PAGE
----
You have already seen the AttachObject function. These related functions and properties are also useful if you are looking to manipulate the objects that are attached to a SceneNode: NumAttachedObjects, GetAttachedObject (there are multiple versions of this function), DetachObject (also multiple versions), DetachAllObjects. There are also a whole set of functions for dealing with parent and child SceneNodes as well.
Since all positions/translating is done relative to the parent SceneNode, we can make two SceneNodes move together very easily. We currently have this code in application:
'Create Robot Dim myRobot As Entity = mySceneManager.CreateEntity("Robot", "robot.mesh") 'Create Node Dim myNode As SceneNode = mySceneManager.RootSceneNode.CreateChildSceneNode("RobotNode") 'Attach Robot to Node myNode.AttachObject(myRobot) '2nd Robot Dim myRobot2 As Entity = mySceneManager.CreateEntity( "Robot2", "robot.mesh") Dim myNode2 As SceneNode = mySceneManager.RootSceneNode.CreateChildSceneNode( _ "RobotNode2", New Vector3(50, 0, 0)) myNode2.AttachObject(myRobot2)
If we change the 5th line from this:
Dim myNode2 As SceneNode = mySceneManager.RootSceneNode.CreateChildSceneNode( _ "RobotNode2", New Vector3(50, 0, 0))
Dim myNode2 As SceneNode = myNode.CreateChildSceneNode("RobotNode2", New Vector3(50, 0, 0))
Then we have made RobotNode2 a child of RobotNode. Moving node1 will move node2 along with it, but moving node2 will not affect node1. For example this code would move only RobotNode2:
myNode2.Position += New Vector3(10, 0, 10)
The following code would move RobotNode, and since RobotNode2 is a child of RobotNode, RobotNode2 would be moved as well:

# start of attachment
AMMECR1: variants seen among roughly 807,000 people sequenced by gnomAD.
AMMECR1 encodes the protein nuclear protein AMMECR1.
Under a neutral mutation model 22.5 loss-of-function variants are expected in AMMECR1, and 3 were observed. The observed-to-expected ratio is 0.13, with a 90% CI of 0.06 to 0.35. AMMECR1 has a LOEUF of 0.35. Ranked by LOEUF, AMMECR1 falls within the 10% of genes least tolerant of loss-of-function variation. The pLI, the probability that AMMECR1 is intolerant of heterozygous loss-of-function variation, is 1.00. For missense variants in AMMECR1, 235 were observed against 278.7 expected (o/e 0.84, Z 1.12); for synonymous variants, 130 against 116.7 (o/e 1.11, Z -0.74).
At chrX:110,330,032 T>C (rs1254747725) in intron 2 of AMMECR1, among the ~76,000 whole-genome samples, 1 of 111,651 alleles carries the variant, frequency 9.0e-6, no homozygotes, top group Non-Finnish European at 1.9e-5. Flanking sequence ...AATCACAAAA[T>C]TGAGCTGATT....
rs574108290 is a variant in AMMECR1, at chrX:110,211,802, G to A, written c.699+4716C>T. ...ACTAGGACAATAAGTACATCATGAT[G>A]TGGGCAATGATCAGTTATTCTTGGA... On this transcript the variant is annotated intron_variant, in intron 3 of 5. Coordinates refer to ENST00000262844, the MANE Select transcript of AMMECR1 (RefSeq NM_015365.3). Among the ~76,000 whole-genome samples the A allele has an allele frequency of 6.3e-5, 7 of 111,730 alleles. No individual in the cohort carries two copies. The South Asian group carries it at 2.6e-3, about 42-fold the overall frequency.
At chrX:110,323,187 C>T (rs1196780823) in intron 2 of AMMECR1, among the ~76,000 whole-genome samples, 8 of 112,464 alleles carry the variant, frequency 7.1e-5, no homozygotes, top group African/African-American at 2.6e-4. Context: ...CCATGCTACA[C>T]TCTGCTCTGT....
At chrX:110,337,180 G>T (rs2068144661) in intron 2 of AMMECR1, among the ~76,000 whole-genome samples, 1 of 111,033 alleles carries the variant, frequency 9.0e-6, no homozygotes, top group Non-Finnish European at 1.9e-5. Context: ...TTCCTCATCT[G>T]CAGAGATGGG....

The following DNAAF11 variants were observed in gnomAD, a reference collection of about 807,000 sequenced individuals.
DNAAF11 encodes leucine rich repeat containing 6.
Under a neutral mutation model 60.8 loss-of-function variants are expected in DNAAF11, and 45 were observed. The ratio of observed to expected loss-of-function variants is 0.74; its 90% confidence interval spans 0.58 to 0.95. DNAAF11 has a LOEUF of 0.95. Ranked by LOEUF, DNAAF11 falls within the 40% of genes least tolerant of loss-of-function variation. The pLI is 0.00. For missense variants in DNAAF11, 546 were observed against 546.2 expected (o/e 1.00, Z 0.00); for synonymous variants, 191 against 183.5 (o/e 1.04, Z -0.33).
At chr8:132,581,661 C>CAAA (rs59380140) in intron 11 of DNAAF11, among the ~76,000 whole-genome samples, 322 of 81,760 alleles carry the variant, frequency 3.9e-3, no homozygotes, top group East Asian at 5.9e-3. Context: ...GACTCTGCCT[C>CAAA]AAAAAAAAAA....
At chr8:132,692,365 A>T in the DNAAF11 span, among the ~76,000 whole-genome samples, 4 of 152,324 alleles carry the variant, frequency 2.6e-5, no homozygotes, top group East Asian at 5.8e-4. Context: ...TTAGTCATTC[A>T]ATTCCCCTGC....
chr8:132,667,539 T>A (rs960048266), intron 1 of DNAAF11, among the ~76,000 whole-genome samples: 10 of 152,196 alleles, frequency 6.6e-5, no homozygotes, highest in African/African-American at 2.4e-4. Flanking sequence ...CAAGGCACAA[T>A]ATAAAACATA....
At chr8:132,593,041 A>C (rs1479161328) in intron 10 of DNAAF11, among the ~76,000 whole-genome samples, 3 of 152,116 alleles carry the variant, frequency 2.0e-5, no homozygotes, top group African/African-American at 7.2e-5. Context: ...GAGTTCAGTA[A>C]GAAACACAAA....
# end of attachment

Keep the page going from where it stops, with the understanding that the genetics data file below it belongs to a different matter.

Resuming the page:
myNode.Position += New Vector3(25, 0, 0)
If you are having trouble with this, the easiest thing to do is to start at the root SceneNode and go downwards. Let's say (as in this case), we started node1 and (0, 0, 0) and translated it by (25, 0, 0), thus node1's position is (25, 0, 0) relative to its parent. node2 started at (50, 0, 0) and we translated it by (10, 0, 10), so its new position is (60, 0, 10) relative to its parent.
Now let's figure out where these things really are. Start at the root SceneNode. Its position is always (0, 0, 0). Now, node1's position is (root + node1): (0, 0, 0) + (25, 0, 0) = (25, 0, 0). Not surprising. Now, node2 is a child of node1, so its position is (root + node1 + node2): (0, 0, 0) + (25, 0, 0) + (60, 0, 10) = (85, 0, 10). This is just an example to explain how to think about SceneNode position inheritance. You will rarely ever need to calculate the absolute position of your nodes.
Lastly, note that you can get both SceneNodes and Entities by their name by calling GetSceneNode and GetEntity methods of the SceneManager, so you don't have to keep a pointer to every SceneNode you create. You should hang on to the ones you use often though.